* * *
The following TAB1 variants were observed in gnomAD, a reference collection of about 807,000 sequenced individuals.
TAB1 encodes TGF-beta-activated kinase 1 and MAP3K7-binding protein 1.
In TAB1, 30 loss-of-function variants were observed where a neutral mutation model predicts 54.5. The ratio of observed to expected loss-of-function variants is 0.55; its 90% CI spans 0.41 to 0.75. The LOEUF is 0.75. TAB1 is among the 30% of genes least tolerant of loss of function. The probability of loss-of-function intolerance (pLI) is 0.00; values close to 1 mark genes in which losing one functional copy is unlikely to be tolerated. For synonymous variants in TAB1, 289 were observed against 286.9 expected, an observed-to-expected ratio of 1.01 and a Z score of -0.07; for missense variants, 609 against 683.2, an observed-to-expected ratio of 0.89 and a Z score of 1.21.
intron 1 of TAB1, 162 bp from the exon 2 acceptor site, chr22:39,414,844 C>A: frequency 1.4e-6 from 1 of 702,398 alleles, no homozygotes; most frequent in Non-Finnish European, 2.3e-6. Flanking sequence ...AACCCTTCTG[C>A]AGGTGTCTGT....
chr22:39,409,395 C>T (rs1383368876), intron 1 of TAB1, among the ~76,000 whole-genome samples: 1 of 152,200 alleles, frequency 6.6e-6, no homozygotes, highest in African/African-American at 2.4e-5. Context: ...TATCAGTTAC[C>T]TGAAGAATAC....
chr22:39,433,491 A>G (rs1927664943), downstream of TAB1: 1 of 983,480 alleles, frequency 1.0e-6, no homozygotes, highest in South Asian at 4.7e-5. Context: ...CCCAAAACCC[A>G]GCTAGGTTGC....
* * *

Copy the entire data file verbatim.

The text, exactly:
The following TAB1 variants were observed in gnomAD, a reference collection of about 807,000 sequenced individuals.
TAB1 encodes TGF-beta-activated kinase 1 and MAP3K7-binding protein 1.
In TAB1, 30 loss-of-function variants were observed where a neutral mutation model predicts 54.5. The ratio of observed to expected loss-of-function variants is 0.55; its 90% CI spans 0.41 to 0.75. The LOEUF is 0.75. TAB1 is among the 30% of genes least tolerant of loss of function. The probability of loss-of-function intolerance (pLI) is 0.00; values close to 1 mark genes in which losing one functional copy is unlikely to be tolerated. For synonymous variants in TAB1, 289 were observed against 286.9 expected, an observed-to-expected ratio of 1.01 and a Z score of -0.07; for missense variants, 609 against 683.2, an observed-to-expected ratio of 0.89 and a Z score of 1.21.
intron 1 of TAB1, 162 bp from the exon 2 acceptor site, chr22:39,414,844 C>A: frequency 1.4e-6 from 1 of 702,398 alleles, no homozygotes; most frequent in Non-Finnish European, 2.3e-6. Flanking sequence ...AACCCTTCTG[C>A]AGGTGTCTGT....
chr22:39,409,395 C>T (rs1383368876), intron 1 of TAB1, among the ~76,000 whole-genome samples: 1 of 152,200 alleles, frequency 6.6e-6, no homozygotes, highest in African/African-American at 2.4e-5. Context: ...TATCAGTTAC[C>T]TGAAGAATAC....
chr22:39,433,491 A>G (rs1927664943), downstream of TAB1: 1 of 983,480 alleles, frequency 1.0e-6, no homozygotes, highest in South Asian at 4.7e-5. Context: ...CCCAAAACCC[A>G]GCTAGGTTGC....